How amazing is it to listen to one of your favorite band’s new album and get to review it? It’s awesome. Add being in the first city on the beginning of their US tour and having Brian Cook walk into the bar, smile, stick out his hand and say, “Hi, you’re Scott right? You’re RobotsMadeMan.” I held my composure, shook his hand and hopefully told him how excited I was for the show.
I knew, right then and there, my evening couldn’t get any better. I will not hide the fact Brian Cook is at the top of my list of bass gods. The show was, simply put, AMAZING! Russian Circles puts on a great show, just by the music they are playing. There are no fancy video screens, the lighting is minimal and they let the music speak for itself. With the ample hearing loss I get standing right in front of Brian, I couldn’t think of a better place to be in that moment.
Let me also state, that Mike, Brian and Dave are three of the most down-to-earth guys you’ll ever meet. They shake hands, answer questions, sign autographs and even remember meeting you the year before. With all my expectations and preconceived notions on what these guys need to do as musicians to captivate me and keep me interested, they nail it with every record. Each album has evolved and shows a greater picture of what these three guys are capable of. So let us take a journey with Russian Circles.
Russian Circles is a Chicago-based three-piece that hit the instrumental metal scene back in 2006 with their debut album Enter. Their fourth studio album, Empros, was released October 25, 2011, on Sargent House and fueled my desire to write up a review on the album, to email their publicist and score an interview. (Stay tuned in at Hearingade for the interview.) My involvement just kept evolving. Like a Russian Circles song, life should always be evolving and moving forward. There is a level of attack and decay that intrigues the listener and compels them to carry on through an emotional roller coaster. This is why I love these guys.
The band consists of , Dave Turncratnz on drums, Brian Cook on bass/synths and Mike Sullivan on guitar. These three guys build a sound that resembles a symphony of players with the use of some hard-hitting drums that can just as easily be finessed, distortion, reverb, delays and loops. I had not heard of the band until Brian Cook had done studio work for their second album, Station, in 2008.
Brian had toured with Russian Circles with his former band These Arms Are Snakes and, shortly after their break, he joined the band and helped finish off their tour. If you are interested in what Mike and Dave were doing prior to RC, check out Dakota/Dakota and Riddle of Steel. In 2009 came their crushing, yet mesmerizing, album Geneva,where the band stepped out of their box and created the album not necessarily to be played live note for note, but to be an album that went beyond their live shows. The addition of horns and classical strings adds a new layer to what Russian Circles is becoming, not what they have been. The eerie and haunting “Fathom” was used in the “Dead Space 2” trailer and showed just how deep these three guys could go with what they are trying to create.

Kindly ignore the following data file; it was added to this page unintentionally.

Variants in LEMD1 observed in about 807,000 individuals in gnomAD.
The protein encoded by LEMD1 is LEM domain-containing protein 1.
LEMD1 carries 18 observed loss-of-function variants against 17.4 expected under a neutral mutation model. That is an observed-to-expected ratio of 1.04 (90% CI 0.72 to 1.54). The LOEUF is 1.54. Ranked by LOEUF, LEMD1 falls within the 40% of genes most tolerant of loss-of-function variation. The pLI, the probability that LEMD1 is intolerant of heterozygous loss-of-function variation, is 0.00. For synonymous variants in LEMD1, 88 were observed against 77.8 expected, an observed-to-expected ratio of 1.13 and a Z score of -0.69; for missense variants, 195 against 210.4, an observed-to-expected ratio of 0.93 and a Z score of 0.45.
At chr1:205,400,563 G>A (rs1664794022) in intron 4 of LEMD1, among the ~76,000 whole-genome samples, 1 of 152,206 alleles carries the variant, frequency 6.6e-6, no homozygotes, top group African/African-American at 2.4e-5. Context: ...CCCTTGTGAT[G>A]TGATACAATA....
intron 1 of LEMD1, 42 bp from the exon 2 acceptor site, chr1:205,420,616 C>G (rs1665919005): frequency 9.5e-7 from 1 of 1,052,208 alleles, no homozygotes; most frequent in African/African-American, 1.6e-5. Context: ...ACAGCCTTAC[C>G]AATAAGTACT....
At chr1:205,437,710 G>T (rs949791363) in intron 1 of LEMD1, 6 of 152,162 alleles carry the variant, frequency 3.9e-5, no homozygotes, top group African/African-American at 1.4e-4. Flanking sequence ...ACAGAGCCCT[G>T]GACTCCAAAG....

Simply put, Empros is a fantastic journey from beginning to end. Listen closely enough and a story unfolds inside your mind, and that story will be different for each individual. Dig deeper and really let your mind wander, you’ll find that each song has its own story to tell, subliminally drawing your attention to fascinating realms.
From the opening song, “309,” you can pick up on classic Russian Circles tones and rhythms, from Mike’s distant guitar, Brian’s dirty bass and Dave’s solid drumming. When the song begins to transform and open up into where the album is headed, this is where the journey begins, taking you into new depths of what is Russian Circles. “Mladek” opens up as a dreamy soundscape, captivating you, giving you a sense of security … but hang on, you’re about to be taken somewhere else, a little bit deeper, the sense of security fades and the notes antagonize you, pulling at you — leaving you less than comfortable in your own skin.
Moving into the album, “Schiphol” continues the structure of eerie, dreamy intros that build momentum and holds you like a tantric sex climax and into the crescendo (I have no idea what that would actually be, but I read an article about Sting and he described it). I feel as I might become a broken record, describing the soft, lucid intros to each song, but they are there, building up into a glorious release.
“Atackla” might be one of my favorite songs on the album. Brian’s bass tone and playing is one of the predominate reasons I love RC and the song bleeds Brian’s sounds all over the room. Brian commands a great pedal board and uses it regularly to transform his bass into many different sounds throughout the song. Coming toward the end of the album, “Batu” hangs over you with crushing bass hits that start and end with Dave’s cymbal and snare, all the while Mike is like Bob Ross painting happy little clouds over the canvas of the song. At the peak of the song, you’re thrust down into the depths, kicking and screaming the whole way through.
I sat surprised and, honestly, a bit shaken up by the ending song … “Praise Be To Man.” Take this song and see what not defining a band or a genre can lead to. I was tearful listening to the last song, simply because it was so beautiful. I have read a few reviews on Empros and it has been dubbed their “heaviest” album to date. I don’t necessarily disagree with this label, but I do feel this is their most concise record to date. Each song has a balance and such intriguing passages that leaves you wondering … What could they possibly do next?